Leonard George “Len” Berghaus
Leonard George “Len” Berghaus died January 10, 2023, in Bloomingdale, Illinois. He was born July 16, 1938, in Cleveland, Ohio. Growing up, his interest in pipe organs began at his grandparents’ Lutheran church where he would stand by the console and listen to the organist play the postlude. He took piano lessons and then began organ lessons in high school, and additional clarinet study led him to involvement in a Bach cantata, introducing him to Trinity Lutheran Church in Cleveland. Built by Rudolf von Beckerath of Germany, Trinity’s organ piqued young Len’s interest in organ building, and he spent many hours watching the installation of the instrument, memorizing all the mechanics of the action.
Berghaus attended Concordia Teacher’s College (now Concordia University Chicago) in River Forest, Illinois, from 1957 until 1961, preparing to teach in Lutheran Church-Missouri Synod schools and minoring in music education. During this time, he discovered the 1888 Jackson Pipe Organ Company tracker organ at St. Matthew Lutheran Church, Chicago, and began a self-taught course of restoring the instrument to playing condition, unknowingly laying the groundwork for a career in organbuilding.
Between 1961 and 1967, Berghaus was a fifth- and sixth-grade teacher at Grace English Lutheran School and Jehovah Lutheran School in Chicago, all the while continuing his involvement with pipe organs. During this time, he also became a representative for Casavant Frères, Ltée., of Canada and serviced instruments between Fort Wayne, Indiana, and Des Moines, Iowa.
In 1967, Berghaus resigned from teaching and embarked on his organbuilding career full-time. He worked and apprenticed with Paul Jochum and Fred Lake early in his career. These craftspeople imparted their knowledge of slider chests, mechanical action designs, and tonal finishing on Berghaus and created the foundation for his career in the trade. Berghaus in turn imparted his knowledge to many a young organbuilder.
The first instrument Berghaus built was an electric-action organ for Christ Lutheran Church in Cleveland, Ohio (1969), but Opus 1 is considered to be the 1971 mechanical-action organ at O’Fallon United Church of Christ, O’Fallon, Illinois—still in use to this day by the congregation. In 1973, the company relocated from the Berghaus residential garage to Bellwood, Illinois, as Berghaus Organ Company, and again in 2000 to a larger facility. The firm was known in the early years for building neo-Baroque tracker instruments and evolved with changing tastes to build American Classic instruments and to become Berghaus Pipe Organ Builders. Highlights include rebuilding the Schlicker organ at Grace Lutheran Church in River Forest, Illinois, in 1986 as well as new instruments at St. Stephen’s Episcopal Church in Wilkes-Barre, Pennsylvania, in 2003 and Queen of All Saints Basilica in Chicago in 2005. Since 1967 the company has built or restored over 225 instruments from Arizona to Maryland, primarily in the Midwest. Berghaus was a member of the Chicago Chapter of the American Guild of Organists, the American Institute of Organbuilders, the Organ Historical Society, and the International Society of Organbuilders, and his company is a member firm of the Associated Pipe Organ Builders of America.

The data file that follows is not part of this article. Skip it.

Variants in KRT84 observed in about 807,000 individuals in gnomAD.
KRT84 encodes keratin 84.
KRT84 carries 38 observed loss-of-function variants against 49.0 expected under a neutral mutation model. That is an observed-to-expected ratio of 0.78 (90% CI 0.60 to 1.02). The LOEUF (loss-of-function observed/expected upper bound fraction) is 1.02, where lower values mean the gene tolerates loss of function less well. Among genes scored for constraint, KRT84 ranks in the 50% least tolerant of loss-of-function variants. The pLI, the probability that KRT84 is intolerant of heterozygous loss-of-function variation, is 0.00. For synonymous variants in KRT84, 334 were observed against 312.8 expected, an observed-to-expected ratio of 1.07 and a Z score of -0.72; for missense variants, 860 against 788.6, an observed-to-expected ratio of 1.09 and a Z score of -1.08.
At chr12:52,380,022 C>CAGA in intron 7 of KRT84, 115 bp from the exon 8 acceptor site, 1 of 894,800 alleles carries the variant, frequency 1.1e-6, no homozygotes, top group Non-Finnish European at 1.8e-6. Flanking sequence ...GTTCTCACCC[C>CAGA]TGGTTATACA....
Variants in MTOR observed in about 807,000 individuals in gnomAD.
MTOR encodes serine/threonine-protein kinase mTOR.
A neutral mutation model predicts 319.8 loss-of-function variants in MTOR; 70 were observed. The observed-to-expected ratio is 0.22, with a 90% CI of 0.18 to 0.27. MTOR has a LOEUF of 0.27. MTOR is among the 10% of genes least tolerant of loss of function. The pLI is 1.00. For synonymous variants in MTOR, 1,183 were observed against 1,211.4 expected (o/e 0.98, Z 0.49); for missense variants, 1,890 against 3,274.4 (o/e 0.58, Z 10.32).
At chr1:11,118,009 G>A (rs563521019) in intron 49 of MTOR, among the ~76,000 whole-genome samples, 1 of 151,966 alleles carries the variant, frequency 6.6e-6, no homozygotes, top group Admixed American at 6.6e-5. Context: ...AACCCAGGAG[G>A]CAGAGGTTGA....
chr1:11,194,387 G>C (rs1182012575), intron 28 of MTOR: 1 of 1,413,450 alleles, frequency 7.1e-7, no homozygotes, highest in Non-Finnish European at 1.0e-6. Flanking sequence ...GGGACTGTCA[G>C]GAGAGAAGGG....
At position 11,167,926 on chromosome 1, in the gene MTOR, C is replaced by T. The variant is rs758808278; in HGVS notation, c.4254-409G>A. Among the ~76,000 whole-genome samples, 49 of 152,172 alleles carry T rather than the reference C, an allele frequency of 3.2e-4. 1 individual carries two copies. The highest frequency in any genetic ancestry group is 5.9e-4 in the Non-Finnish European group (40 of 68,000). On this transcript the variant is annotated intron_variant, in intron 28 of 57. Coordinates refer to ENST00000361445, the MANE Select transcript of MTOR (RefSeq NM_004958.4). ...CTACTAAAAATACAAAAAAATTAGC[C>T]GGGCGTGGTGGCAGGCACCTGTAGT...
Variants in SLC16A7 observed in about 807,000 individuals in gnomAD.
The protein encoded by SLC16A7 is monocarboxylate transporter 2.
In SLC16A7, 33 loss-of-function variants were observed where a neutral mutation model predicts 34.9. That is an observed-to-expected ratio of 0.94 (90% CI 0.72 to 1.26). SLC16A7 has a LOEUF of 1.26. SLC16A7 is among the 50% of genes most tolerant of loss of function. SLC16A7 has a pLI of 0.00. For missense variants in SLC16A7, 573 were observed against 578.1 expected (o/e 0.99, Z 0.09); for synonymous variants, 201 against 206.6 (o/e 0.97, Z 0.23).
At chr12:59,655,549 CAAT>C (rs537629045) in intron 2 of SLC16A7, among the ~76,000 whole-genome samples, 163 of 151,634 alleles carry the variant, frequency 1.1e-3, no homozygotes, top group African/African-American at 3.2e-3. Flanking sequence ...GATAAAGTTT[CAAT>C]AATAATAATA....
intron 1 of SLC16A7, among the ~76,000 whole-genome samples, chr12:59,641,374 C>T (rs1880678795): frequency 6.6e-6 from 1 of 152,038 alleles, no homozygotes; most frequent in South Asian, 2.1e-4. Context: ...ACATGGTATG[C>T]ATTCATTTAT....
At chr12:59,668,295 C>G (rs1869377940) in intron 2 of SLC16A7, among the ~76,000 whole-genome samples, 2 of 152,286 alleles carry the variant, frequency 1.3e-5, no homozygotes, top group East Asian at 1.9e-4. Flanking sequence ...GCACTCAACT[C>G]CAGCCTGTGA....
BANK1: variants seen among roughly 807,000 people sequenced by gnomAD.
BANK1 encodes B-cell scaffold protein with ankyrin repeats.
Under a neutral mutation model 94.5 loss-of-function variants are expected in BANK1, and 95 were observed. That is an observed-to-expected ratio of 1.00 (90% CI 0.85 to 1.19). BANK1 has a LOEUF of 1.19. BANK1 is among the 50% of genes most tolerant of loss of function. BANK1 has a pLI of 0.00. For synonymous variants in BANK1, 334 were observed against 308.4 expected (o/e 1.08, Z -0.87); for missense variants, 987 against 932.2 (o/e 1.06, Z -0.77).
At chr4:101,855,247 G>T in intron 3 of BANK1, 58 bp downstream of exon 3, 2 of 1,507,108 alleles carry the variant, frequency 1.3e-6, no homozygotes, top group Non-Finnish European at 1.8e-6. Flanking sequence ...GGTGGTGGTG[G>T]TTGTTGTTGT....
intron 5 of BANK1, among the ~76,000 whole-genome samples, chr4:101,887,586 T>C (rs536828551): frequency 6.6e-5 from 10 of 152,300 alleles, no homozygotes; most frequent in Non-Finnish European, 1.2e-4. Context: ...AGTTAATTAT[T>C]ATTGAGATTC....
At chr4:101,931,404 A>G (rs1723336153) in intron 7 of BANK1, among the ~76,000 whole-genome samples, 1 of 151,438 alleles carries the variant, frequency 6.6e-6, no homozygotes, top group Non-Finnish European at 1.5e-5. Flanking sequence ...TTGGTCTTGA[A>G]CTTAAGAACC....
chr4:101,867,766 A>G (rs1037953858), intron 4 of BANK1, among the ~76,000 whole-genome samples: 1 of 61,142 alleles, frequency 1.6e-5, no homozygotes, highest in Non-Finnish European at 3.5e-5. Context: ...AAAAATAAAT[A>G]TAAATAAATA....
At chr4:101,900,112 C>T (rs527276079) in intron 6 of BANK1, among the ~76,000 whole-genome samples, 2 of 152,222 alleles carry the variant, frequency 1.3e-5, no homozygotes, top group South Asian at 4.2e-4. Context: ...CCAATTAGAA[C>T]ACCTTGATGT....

Berghaus retired from full-time organbuilding in 2005 and pursued his other interests more fully. A longtime member of Grace Lutheran Church, River Forest, he sang bass in the choir for many decades. His other pastimes included model train building and entertaining guests at the family’s Detroit Island house in Door County, Wisconsin.
Leonard Berghaus is survived by his wife of 58 years, Judy, and his children Debbie Conley, Todd (Margie), Brian (Collene), and Sue Hempen (Michael), as well as six grandchildren. A memorial service was held February 11 at Grace Lutheran Church, River Forest, Illinois. Memorial contributions may be made to Grace Lutheran Church (graceriverforest.org), The Bach Cantata Series at Grace (bachvespers.org), or Concordia University Chicago (cuchicago.edu).
Walter Hilse, organist and composer, died December 31, 2022. Born July 16, 1941, he grew up in Astoria, Queens, New York, and earned degrees in mathematics as well as in music from Columbia University, including a Ph.D. in musicology and an M.A. in composition. He studied organ with Nadia Boulanger, Maurice Duruflé, Vincent Persichetti, and Bronson Ragan.
As a solo performer he appeared throughout the United States, Europe, and the Far East, making tours of Sweden in 1990, 1994, and 1995. He presented five solo organ recitals at New York City’s Alice Tully Hall, as well as several complete performances of Bach’s The Art of Fugue. He was a Fellow of the American Guild of Organists and recently retired from the faculty of the Manhattan School of Music.
Hilse’s compositions include over 80 art songs, an a cappella Mass for SATB chorus, over 20 anthems and psalm settings, a setting of various Sabbath-morning texts, compositions for solo organ, a piano suite, and numerous works for instrumental ensemble. He was awarded the Joseph H. Bearns Prize of Columbia University (1966) and the Choral Composition Prize of the Boston Chapter A.G.O. (1974). As a musicologist, he specialized in the work of Paul Hindemith and Christoph Bernhard and was a regular contributor to The American Organist magazine. Hilse served as artist-in-residence at St. Peter’s Lutheran Church where he gave numerous recitals, associate organist at Congregation Rodeph Sholom, and organist for Redeemer Presbyterian Church, all of New York City, since 1996.
Walter Hilse is survived by his wife, Patricia (Pat). A memorial service was held January 20 at St. Malachy’s Church, The Actors’ Chapel, New York City.